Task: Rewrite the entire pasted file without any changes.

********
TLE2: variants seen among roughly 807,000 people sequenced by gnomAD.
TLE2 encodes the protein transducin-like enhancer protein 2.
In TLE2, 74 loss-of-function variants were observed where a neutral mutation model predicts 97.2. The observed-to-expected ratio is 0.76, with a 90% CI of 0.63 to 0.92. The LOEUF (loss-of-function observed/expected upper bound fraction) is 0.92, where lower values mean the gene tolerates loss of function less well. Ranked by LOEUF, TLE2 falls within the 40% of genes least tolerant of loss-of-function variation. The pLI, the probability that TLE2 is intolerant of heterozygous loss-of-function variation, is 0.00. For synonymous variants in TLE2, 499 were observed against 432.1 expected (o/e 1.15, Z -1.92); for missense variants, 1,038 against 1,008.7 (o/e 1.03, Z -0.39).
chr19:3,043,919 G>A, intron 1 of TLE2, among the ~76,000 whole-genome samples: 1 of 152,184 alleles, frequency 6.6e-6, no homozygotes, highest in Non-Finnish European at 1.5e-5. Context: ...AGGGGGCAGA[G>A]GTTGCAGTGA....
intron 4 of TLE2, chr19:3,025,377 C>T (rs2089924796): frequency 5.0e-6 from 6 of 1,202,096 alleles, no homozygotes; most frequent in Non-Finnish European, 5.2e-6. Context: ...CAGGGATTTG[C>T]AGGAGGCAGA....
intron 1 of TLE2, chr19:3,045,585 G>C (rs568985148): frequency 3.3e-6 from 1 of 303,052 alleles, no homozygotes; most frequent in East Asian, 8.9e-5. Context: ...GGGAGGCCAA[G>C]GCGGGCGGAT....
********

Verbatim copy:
TLE2: variants seen among roughly 807,000 people sequenced by gnomAD.
TLE2 encodes the protein transducin-like enhancer protein 2.
In TLE2, 74 loss-of-function variants were observed where a neutral mutation model predicts 97.2. The observed-to-expected ratio is 0.76, with a 90% CI of 0.63 to 0.92. The LOEUF (loss-of-function observed/expected upper bound fraction) is 0.92, where lower values mean the gene tolerates loss of function less well. Ranked by LOEUF, TLE2 falls within the 40% of genes least tolerant of loss-of-function variation. The pLI, the probability that TLE2 is intolerant of heterozygous loss-of-function variation, is 0.00. For synonymous variants in TLE2, 499 were observed against 432.1 expected (o/e 1.15, Z -1.92); for missense variants, 1,038 against 1,008.7 (o/e 1.03, Z -0.39).
chr19:3,043,919 G>A, intron 1 of TLE2, among the ~76,000 whole-genome samples: 1 of 152,184 alleles, frequency 6.6e-6, no homozygotes, highest in Non-Finnish European at 1.5e-5. Context: ...AGGGGGCAGA[G>A]GTTGCAGTGA....
intron 4 of TLE2, chr19:3,025,377 C>T (rs2089924796): frequency 5.0e-6 from 6 of 1,202,096 alleles, no homozygotes; most frequent in Non-Finnish European, 5.2e-6. Context: ...CAGGGATTTG[C>T]AGGAGGCAGA....
intron 1 of TLE2, chr19:3,045,585 G>C (rs568985148): frequency 3.3e-6 from 1 of 303,052 alleles, no homozygotes; most frequent in East Asian, 8.9e-5. Context: ...GGGAGGCCAA[G>C]GCGGGCGGAT....